Rugs today are as outrageously expensive as they are practical. Fortunately, they are also easy to make from durable, relatively inexpensive upholstery material. Creating a rug to help extend the life of your expensive flooring, to complement your decor or even to cover a stubborn stain is an easy sewing project even a beginner can do. Your rug can be fashioned of whole cloth or pieced together in an interesting design like a quilt. You may want to add contrast or matching borders. The possibilities are endless.
Things You'll Need
- Upholstery fabric
- Backing fabric (like heavy canvas)
- Fusible webbing (like Wonder-Under)
- Sewing machine
- Heavy-duty needles and thread
- Fray Check or similar product
Measure the area you want to cover with the rug. One of the best reasons to make your own rug, aside from low cost, is that you can size it to fit any area.
Cut out the top of the rug from upholstery material and the same-sized piece from the backing fabric.
Cut an equal sized piece of batting, if you want a padded feel.
Paint all cut edges with Fray Check.
Lay the batting on a work table, add a layer of fusible web, and put the backing on top. Follow instructions to iron the backing to the batting.
Flip the fused backing/batting over, add another layer of fusible web on top of the batting, and then lay out the upholstery fabric for the top, face up. Iron to fuse. If you are not using batting, fuse the top directly to the backing.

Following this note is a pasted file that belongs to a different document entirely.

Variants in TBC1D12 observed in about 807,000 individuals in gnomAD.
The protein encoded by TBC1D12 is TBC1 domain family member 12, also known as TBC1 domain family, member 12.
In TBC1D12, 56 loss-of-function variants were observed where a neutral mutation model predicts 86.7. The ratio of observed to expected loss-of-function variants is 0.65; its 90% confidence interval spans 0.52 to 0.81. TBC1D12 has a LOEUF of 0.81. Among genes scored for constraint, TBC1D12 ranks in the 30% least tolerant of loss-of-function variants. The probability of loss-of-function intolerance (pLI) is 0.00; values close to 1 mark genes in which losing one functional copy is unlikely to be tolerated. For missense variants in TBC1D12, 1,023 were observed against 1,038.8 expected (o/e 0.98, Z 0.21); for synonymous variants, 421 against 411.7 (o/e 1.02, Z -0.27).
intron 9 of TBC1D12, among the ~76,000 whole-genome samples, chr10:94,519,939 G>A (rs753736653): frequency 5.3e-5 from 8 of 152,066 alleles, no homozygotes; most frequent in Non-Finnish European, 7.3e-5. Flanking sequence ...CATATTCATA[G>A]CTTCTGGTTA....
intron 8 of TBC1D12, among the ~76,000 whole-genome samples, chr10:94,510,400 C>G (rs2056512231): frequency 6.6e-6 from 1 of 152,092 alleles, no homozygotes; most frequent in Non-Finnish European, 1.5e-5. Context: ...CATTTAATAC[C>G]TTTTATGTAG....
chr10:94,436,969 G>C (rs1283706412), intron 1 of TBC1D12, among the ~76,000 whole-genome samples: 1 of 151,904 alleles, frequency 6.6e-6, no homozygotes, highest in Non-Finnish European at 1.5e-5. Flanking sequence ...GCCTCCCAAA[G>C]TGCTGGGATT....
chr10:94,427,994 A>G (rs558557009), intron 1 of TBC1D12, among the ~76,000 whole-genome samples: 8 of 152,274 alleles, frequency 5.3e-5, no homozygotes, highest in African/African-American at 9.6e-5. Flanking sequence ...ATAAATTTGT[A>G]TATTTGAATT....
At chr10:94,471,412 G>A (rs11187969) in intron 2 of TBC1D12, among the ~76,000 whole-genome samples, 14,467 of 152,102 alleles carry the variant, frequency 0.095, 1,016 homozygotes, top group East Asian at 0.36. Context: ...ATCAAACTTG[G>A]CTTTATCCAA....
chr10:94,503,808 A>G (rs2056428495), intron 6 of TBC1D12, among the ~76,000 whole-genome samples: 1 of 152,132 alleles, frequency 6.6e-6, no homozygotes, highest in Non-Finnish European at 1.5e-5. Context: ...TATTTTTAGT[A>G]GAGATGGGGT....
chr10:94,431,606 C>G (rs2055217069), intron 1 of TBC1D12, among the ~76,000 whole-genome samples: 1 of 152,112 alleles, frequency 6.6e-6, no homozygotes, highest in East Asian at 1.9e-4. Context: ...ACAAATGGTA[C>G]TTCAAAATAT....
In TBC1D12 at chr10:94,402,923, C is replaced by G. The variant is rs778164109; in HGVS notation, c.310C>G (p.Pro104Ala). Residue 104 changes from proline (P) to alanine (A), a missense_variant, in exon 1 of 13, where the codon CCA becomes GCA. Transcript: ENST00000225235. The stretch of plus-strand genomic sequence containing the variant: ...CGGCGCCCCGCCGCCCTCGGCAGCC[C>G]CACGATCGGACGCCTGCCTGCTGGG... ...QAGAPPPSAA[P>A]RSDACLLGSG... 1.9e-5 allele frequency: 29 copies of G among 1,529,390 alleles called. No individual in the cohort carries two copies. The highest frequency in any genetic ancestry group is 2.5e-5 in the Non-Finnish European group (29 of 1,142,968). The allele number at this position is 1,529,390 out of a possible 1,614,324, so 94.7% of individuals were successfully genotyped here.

Finish the edges by adding a border. For example, if you want a border that is 3 inches wide, add 3 inches for fold-over and 1 inch for seams. Cut two border pieces the same length as the shorter sides of the rug (if the rug is square, just pick opposite sides) and two pieces the length of the longer sides plus 1 inch.
Iron under 1/2 inch on each long side of all four pieces, then fold in half and iron down the middle to create the edge.
One side at a time, starting with the short sides, snug the layers of the rug inside the binding, and sew on the outside through all layers using a zigzag stitch.
At the corners of the long side bindings, fold the1/2-inch overlap to cover the rough edges, and sew.
Tips & Warnings
- If your rug will sit on wood or tiled floors, use a nonslip rubber backing. You may choose to put the backing under the rug or sew it in as the bottom layer of your rug construction under the backing. A pieced rug is a great way to use free upholstery samples. After binding, decorate the edges of your rug with trim, braid or fringe.
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